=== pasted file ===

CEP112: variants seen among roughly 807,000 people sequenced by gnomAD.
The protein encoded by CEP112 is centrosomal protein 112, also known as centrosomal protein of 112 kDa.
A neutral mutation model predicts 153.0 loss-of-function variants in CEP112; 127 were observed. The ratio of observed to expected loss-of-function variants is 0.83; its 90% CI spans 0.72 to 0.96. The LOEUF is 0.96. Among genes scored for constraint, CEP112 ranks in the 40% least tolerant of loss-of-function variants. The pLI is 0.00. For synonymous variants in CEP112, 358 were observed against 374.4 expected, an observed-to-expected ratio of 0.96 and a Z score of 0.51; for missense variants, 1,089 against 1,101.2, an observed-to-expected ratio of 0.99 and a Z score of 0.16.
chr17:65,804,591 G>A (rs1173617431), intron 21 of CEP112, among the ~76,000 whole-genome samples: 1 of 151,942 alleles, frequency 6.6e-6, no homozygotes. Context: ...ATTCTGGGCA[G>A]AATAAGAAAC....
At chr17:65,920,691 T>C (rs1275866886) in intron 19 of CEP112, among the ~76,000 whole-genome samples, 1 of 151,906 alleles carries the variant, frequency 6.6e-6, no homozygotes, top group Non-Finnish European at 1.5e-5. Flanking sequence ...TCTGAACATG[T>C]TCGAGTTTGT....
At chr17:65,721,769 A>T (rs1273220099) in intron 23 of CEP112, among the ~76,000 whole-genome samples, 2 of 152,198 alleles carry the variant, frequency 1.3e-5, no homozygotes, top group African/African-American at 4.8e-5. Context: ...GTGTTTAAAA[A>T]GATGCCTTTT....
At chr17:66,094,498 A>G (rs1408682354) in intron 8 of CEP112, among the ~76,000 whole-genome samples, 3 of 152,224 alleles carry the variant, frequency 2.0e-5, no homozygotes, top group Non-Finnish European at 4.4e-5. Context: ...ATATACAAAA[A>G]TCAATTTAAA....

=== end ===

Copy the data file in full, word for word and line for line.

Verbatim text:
CEP112: variants seen among roughly 807,000 people sequenced by gnomAD.
The protein encoded by CEP112 is centrosomal protein 112, also known as centrosomal protein of 112 kDa.
A neutral mutation model predicts 153.0 loss-of-function variants in CEP112; 127 were observed. The ratio of observed to expected loss-of-function variants is 0.83; its 90% CI spans 0.72 to 0.96. The LOEUF is 0.96. Among genes scored for constraint, CEP112 ranks in the 40% least tolerant of loss-of-function variants. The pLI is 0.00. For synonymous variants in CEP112, 358 were observed against 374.4 expected, an observed-to-expected ratio of 0.96 and a Z score of 0.51; for missense variants, 1,089 against 1,101.2, an observed-to-expected ratio of 0.99 and a Z score of 0.16.
chr17:65,804,591 G>A (rs1173617431), intron 21 of CEP112, among the ~76,000 whole-genome samples: 1 of 151,942 alleles, frequency 6.6e-6, no homozygotes. Context: ...ATTCTGGGCA[G>A]AATAAGAAAC....
At chr17:65,920,691 T>C (rs1275866886) in intron 19 of CEP112, among the ~76,000 whole-genome samples, 1 of 151,906 alleles carries the variant, frequency 6.6e-6, no homozygotes, top group Non-Finnish European at 1.5e-5. Flanking sequence ...TCTGAACATG[T>C]TCGAGTTTGT....
At chr17:65,721,769 A>T (rs1273220099) in intron 23 of CEP112, among the ~76,000 whole-genome samples, 2 of 152,198 alleles carry the variant, frequency 1.3e-5, no homozygotes, top group African/African-American at 4.8e-5. Context: ...GTGTTTAAAA[A>T]GATGCCTTTT....
At chr17:66,094,498 A>G (rs1408682354) in intron 8 of CEP112, among the ~76,000 whole-genome samples, 3 of 152,224 alleles carry the variant, frequency 2.0e-5, no homozygotes, top group Non-Finnish European at 4.4e-5. Context: ...ATATACAAAA[A>G]TCAATTTAAA....